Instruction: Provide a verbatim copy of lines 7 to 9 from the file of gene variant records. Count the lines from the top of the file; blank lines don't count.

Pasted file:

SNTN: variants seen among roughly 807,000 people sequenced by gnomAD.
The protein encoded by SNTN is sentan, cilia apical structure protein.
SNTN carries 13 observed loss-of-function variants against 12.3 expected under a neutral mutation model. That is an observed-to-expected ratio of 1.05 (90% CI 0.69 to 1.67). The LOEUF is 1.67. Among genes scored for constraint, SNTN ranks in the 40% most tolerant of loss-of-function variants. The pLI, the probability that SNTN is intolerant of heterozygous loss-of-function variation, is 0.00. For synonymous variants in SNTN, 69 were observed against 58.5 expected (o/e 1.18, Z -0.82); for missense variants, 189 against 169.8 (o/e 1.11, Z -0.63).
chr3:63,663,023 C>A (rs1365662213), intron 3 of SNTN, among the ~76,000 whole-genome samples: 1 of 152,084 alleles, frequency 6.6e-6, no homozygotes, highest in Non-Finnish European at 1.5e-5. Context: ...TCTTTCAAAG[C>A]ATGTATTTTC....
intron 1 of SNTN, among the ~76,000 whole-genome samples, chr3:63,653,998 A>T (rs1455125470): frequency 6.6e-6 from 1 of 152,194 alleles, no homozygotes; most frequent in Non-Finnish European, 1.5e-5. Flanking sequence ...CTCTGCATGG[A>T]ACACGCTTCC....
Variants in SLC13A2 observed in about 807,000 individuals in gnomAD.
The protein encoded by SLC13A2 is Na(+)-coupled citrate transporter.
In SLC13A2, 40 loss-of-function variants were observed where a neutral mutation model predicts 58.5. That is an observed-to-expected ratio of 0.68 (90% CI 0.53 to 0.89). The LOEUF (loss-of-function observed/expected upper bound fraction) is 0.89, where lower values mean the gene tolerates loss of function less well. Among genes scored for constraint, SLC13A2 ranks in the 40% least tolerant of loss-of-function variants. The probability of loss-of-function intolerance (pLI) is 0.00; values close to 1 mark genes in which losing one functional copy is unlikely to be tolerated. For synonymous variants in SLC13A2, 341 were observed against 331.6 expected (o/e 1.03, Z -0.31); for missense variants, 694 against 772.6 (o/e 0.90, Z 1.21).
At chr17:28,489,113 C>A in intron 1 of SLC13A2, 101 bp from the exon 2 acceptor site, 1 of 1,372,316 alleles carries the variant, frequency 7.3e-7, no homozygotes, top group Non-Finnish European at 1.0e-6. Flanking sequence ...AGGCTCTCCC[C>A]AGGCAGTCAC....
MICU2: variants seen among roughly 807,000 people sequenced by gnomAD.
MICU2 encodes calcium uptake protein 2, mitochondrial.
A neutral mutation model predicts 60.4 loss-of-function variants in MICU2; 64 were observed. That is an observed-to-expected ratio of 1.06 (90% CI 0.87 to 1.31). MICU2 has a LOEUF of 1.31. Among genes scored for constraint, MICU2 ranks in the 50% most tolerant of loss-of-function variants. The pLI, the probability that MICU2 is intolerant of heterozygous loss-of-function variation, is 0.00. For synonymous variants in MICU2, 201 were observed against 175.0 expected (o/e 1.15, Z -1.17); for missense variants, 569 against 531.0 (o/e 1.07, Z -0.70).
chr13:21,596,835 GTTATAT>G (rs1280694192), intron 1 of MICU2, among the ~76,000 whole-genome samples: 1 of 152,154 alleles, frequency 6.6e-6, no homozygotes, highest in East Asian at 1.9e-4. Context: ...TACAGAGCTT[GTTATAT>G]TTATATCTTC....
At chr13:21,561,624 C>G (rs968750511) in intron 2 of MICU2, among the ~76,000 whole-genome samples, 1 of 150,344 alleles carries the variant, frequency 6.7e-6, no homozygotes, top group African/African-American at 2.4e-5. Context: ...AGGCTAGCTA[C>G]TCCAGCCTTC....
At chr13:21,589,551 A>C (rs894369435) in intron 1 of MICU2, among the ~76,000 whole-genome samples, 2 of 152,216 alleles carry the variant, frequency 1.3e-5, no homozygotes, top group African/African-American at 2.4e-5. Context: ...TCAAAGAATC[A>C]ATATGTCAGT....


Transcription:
The protein encoded by SLC13A2 is Na(+)-coupled citrate transporter.
In SLC13A2, 40 loss-of-function variants were observed where a neutral mutation model predicts 58.5. That is an observed-to-expected ratio of 0.68 (90% CI 0.53 to 0.89). The LOEUF (loss-of-function observed/expected upper bound fraction) is 0.89, where lower values mean the gene tolerates loss of function less well. Among genes scored for constraint, SLC13A2 ranks in the 40% least tolerant of loss-of-function variants. The probability of loss-of-function intolerance (pLI) is 0.00; values close to 1 mark genes in which losing one functional copy is unlikely to be tolerated. For synonymous variants in SLC13A2, 341 were observed against 331.6 expected (o/e 1.03, Z -0.31); for missense variants, 694 against 772.6 (o/e 0.90, Z 1.21).
At chr17:28,489,113 C>A in intron 1 of SLC13A2, 101 bp from the exon 2 acceptor site, 1 of 1,372,316 alleles carries the variant, frequency 7.3e-7, no homozygotes, top group Non-Finnish European at 1.0e-6. Flanking sequence ...AGGCTCTCCC[C>A]AGGCAGTCAC....